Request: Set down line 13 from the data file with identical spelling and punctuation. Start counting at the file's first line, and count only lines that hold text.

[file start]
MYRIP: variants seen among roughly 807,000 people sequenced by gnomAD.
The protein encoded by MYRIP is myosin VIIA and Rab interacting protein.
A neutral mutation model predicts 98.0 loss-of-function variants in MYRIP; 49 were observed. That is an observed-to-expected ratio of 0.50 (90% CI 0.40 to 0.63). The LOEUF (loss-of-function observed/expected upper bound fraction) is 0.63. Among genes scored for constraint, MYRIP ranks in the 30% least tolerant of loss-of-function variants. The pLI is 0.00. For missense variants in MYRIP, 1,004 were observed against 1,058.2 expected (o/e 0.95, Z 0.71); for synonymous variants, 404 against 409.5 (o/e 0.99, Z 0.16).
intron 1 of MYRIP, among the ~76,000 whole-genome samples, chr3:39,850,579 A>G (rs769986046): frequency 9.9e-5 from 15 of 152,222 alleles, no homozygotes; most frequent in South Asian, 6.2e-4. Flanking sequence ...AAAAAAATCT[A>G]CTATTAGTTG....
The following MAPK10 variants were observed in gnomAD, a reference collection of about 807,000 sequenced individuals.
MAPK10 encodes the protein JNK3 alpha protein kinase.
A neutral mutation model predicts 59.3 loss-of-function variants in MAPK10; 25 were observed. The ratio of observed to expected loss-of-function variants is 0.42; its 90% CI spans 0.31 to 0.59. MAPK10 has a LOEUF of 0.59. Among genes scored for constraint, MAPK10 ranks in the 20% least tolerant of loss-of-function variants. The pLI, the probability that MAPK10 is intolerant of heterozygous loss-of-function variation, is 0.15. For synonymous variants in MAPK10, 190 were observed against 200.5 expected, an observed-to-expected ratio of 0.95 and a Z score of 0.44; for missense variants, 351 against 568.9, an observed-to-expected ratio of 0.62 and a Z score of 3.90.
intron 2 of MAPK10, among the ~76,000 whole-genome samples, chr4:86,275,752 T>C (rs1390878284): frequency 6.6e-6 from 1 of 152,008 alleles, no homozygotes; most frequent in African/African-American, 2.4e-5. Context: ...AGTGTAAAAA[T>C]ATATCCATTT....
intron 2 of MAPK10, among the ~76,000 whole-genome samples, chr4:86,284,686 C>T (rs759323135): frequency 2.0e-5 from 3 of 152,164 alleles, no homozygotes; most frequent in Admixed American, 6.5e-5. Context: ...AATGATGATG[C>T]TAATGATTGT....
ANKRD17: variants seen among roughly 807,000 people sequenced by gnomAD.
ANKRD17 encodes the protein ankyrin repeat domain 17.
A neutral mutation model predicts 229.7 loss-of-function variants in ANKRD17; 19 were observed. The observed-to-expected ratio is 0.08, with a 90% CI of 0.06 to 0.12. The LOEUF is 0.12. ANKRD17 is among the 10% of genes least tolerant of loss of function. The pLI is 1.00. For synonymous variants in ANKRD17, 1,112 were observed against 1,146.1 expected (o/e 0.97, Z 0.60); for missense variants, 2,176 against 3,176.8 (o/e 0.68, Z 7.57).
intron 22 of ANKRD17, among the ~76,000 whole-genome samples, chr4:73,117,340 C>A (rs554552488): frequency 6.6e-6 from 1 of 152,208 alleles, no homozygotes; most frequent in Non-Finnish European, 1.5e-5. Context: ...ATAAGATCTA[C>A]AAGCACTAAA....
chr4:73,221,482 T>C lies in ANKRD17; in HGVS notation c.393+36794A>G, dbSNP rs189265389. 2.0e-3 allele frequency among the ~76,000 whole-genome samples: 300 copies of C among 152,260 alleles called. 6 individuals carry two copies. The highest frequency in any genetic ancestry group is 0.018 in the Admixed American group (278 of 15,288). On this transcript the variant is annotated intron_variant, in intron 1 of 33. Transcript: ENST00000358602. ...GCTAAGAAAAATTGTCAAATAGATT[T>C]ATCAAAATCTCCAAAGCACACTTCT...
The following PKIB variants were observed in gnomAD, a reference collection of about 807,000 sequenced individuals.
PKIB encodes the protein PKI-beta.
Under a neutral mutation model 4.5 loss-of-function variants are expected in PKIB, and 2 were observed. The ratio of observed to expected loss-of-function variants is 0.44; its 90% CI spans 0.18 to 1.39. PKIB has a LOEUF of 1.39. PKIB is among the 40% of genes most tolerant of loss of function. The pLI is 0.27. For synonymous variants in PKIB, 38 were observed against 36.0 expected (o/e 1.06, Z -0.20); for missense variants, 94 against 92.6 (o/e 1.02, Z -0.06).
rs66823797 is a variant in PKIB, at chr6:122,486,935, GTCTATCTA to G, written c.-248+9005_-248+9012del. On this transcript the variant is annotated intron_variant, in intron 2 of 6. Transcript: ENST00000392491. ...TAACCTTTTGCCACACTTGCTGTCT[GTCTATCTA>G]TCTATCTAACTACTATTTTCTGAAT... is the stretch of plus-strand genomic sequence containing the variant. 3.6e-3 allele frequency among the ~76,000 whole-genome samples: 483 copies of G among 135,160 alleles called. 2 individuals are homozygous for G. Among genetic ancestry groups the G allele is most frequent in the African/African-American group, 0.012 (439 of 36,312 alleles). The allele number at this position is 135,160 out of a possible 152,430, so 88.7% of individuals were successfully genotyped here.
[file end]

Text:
intron 22 of ANKRD17, among the ~76,000 whole-genome samples, chr4:73,117,340 C>A (rs554552488): frequency 6.6e-6 from 1 of 152,208 alleles, no homozygotes; most frequent in Non-Finnish European, 1.5e-5. Context: ...ATAAGATCTA[C>A]AAGCACTAAA....